The parent asked her school staff for compensatory education pursuant to OCR’s findings and resolution agreement with FCPS. School staff advised her that the student wasn’t eligible because she didn’t have an IEP during the April 2020–June 2022 timeframe investigated by OCR. And yet . . . The reason she didn’t have an IEP was because FCPS refused repeatedly to evaluate her.
What Compliance Looks Like
Nothing in OCR’s resolution agreement with FCPS states that FCPS can get away with its years of reducing, limiting, and watering down student services and instruction.
Instead, the findings clearly state the following on page three:
The Section 504 regulation, at 34 C.F.R. § 104.6(a), provides that when OCR finds that a district
has discriminated against persons on the basis of disability, the district shall take such remedial
action as OCR deems necessary to overcome the effects of the discrimination. Compensatory
services are required to remedy any educational or other deficits that result from a student with a
disability not receiving the evaluations or services to which they were entitled.”
And yet . . . FCPS chose to refuse the evaluations and services to which children are entitled and then refused compensatory education even though they are required under Section 504.
In addition, the OCR findings state the following:
The Division will follow the criteria described in this section to determine what, if any, associated compensatory education the Division owes to students with disabilities as a result of a failure or inability to provide regular or special education and related aids and/or services designed to meet the individual educational needs of the student during the Pandemic Period. These criteria include the following process to be followed and factors to be considered throughout the process:
A. Compensatory Education: The Division will provide prior written notice to all parents or guardians of students with disabilities or eligible students stating that by the end of the 2022-2023 school year, the Division will convene Section 504 and Individualized Education Program (IEP) meetings for each student. During these meetings, the Section 504 knowledgeable committees or IEP teams will make a determination and document the determination made regarding whether a student was provided regular or special education and related aids and services designed to meet their individual needs during the Pandemic Period. To make this determination, Section 504 knowledgeable committees and IEP teams will consider and document the following:
- Whether the Division, during the Pandemic Period, failed to provide the student with the regular or special education and related aids and services required by the student’s Section 504 plan or IEP that was in effect at the beginning of March 2020.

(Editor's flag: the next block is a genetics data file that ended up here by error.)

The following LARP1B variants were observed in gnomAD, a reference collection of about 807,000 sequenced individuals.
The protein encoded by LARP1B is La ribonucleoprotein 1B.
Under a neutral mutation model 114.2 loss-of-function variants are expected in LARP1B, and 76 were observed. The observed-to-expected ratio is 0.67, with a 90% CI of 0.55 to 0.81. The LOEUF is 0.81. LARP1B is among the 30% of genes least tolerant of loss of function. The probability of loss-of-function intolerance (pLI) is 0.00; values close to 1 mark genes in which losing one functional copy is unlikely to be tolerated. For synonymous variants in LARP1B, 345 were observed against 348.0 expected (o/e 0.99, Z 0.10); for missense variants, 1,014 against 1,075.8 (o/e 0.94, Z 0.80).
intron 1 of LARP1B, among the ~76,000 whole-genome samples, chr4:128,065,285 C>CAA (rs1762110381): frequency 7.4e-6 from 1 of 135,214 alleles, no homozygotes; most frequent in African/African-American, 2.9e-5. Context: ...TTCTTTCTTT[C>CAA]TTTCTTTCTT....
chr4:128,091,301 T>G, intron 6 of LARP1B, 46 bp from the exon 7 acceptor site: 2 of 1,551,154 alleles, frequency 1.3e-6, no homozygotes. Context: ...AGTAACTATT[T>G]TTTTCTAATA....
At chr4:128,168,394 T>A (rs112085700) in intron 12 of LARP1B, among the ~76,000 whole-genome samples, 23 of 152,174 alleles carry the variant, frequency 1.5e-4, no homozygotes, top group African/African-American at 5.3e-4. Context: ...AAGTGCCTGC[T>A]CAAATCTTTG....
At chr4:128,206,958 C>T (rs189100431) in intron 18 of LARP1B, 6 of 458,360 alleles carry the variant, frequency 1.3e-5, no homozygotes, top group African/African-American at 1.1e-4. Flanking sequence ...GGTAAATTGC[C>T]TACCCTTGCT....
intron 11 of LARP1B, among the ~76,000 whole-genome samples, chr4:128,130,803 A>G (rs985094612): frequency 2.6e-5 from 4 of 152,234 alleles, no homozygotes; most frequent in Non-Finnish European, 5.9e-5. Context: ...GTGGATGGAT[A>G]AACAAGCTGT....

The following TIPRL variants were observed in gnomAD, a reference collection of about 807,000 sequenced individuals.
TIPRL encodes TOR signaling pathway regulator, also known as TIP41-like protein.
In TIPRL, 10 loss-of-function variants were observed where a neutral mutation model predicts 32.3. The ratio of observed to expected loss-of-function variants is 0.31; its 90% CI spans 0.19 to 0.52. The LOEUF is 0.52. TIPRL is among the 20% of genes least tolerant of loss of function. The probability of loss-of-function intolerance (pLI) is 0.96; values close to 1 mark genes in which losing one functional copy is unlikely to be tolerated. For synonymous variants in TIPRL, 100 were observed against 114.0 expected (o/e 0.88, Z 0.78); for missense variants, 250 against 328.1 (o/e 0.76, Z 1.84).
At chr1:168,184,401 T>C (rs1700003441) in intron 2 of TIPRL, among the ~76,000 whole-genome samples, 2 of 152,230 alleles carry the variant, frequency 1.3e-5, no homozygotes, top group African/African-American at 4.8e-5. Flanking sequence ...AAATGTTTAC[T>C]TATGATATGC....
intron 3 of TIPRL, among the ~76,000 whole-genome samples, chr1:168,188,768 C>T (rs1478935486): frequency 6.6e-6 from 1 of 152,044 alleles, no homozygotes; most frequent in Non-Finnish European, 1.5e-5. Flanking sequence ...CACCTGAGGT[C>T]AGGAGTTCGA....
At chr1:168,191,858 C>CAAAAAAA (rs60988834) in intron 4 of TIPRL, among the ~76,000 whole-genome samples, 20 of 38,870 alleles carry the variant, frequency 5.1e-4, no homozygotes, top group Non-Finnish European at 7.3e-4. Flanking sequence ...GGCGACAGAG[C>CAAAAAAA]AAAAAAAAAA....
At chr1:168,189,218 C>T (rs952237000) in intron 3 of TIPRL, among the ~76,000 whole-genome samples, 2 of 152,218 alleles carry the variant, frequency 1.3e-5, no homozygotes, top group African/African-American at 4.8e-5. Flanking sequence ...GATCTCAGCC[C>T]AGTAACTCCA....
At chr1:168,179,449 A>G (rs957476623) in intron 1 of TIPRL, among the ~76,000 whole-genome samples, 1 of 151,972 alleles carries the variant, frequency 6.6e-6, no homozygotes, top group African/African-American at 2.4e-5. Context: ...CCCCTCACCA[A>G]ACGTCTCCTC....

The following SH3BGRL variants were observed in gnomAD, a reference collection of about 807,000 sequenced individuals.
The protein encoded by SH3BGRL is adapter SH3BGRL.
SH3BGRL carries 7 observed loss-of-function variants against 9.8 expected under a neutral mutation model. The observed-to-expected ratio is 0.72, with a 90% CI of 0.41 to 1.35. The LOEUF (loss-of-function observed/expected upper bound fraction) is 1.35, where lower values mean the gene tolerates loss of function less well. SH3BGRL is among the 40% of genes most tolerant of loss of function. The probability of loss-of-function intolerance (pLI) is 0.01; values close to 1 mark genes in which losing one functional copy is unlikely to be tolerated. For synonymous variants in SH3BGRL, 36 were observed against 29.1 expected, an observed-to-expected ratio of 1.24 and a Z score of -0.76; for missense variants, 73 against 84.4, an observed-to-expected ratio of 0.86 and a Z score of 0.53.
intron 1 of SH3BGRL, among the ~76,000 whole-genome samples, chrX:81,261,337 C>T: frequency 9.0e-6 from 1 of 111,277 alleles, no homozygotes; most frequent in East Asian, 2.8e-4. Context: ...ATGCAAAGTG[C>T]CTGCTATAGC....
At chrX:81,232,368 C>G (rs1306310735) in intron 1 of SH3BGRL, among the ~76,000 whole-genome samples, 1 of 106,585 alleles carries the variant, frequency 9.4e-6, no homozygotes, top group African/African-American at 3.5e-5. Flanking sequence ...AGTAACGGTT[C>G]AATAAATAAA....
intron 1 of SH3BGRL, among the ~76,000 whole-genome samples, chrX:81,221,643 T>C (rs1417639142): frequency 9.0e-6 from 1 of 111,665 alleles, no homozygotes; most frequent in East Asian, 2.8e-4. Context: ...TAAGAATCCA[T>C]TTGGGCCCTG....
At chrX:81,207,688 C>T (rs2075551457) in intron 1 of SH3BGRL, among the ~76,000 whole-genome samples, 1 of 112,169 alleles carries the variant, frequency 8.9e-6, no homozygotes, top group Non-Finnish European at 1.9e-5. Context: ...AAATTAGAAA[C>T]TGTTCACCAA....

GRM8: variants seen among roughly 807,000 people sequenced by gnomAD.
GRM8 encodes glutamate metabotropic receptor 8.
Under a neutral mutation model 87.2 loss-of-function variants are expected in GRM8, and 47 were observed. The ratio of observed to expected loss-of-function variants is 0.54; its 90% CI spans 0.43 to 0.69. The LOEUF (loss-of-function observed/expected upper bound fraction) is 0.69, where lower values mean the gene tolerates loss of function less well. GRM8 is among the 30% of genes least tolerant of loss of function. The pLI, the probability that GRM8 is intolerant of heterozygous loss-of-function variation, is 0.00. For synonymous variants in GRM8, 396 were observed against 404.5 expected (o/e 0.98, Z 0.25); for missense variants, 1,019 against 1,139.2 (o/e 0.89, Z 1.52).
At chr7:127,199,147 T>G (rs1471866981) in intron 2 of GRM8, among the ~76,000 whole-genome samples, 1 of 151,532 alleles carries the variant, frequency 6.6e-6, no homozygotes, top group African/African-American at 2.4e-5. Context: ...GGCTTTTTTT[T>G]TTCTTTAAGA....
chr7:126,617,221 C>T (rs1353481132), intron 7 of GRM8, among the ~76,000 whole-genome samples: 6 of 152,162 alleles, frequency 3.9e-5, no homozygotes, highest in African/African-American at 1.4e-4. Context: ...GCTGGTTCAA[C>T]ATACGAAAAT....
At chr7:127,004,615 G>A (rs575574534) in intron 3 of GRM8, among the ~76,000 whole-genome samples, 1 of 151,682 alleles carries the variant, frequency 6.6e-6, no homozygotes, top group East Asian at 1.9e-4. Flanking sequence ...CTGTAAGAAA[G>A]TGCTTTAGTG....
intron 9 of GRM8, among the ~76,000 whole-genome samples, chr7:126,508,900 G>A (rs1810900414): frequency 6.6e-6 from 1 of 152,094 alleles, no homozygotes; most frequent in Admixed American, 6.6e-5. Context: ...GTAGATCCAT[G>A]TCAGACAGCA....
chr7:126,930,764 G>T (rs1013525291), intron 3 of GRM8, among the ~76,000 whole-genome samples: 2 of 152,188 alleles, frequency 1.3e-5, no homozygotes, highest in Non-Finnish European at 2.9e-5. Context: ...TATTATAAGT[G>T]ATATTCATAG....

a. In making this determination, Section 504 knowledgeable committees or IEP teams will determine whether the student received the amount of and the type of the regular or special education, and related aids and services that were required by the Section 504 plan or IEP that was in effect April 14, 2020. The services provided by parents or guardians during the Pandemic Period will not be counted as services provided by the Division. For example, for a student whose IEP called for one-on-one assistance by a paraprofessional, if that assistance was in fact provided by a parent or guardian, the Division may not count the provision of that assistance as a service provided by the Division.
b. The Division will provide the student’s parent or guardian access to the information recorded by the Division regarding the amount of special education, related aids or services provided during the Pandemic Period, including the option to review IEP or Section 504 service logs.
c. The Division will notify the parent or guardian of the process to challenge the determination made by the Section 504 or IEP team regarding whether or to what degree services were provided to the student during the Pandemic Period, consistent with Section 504 procedural safeguards.
- Whether changes to the student’s Section 504 plan or IEP that were made during the Pandemic Period, including any Temporary Learning Plans (TLPs), Virtual IEPs, or other remote learning plans that were developed, were based on the student’s individualized educational needs, particularly where changes resulted in lesser services being provided to the student than the Section 504 plan or IEP in effect prior to the changes.
- For students with IEPs, whether the student’s goal progress was impacted by remote learning provided during the Pandemic Period. To make this individualized determination, the IEP team will consider, at minimum:
a. the student’s present levels of academic achievement and functional performance;
b. the student’s previous rate of progress toward IEP goals pre-Pandemic Period; and
c. the documented frequency and duration of special education and related services provided to the student prior to the service disruptions caused by the COVID-19 pandemic.
If you’d like to share your own example of FCPS refusing to address services and evaluations during the April 2020–June 2022 investigated by OCR, and FCPS refusing to provide compensatory education to address the earlier refusals, please click on the About button in the menu and choose the contact option. I will redact documentation provided to secure the privacy of families.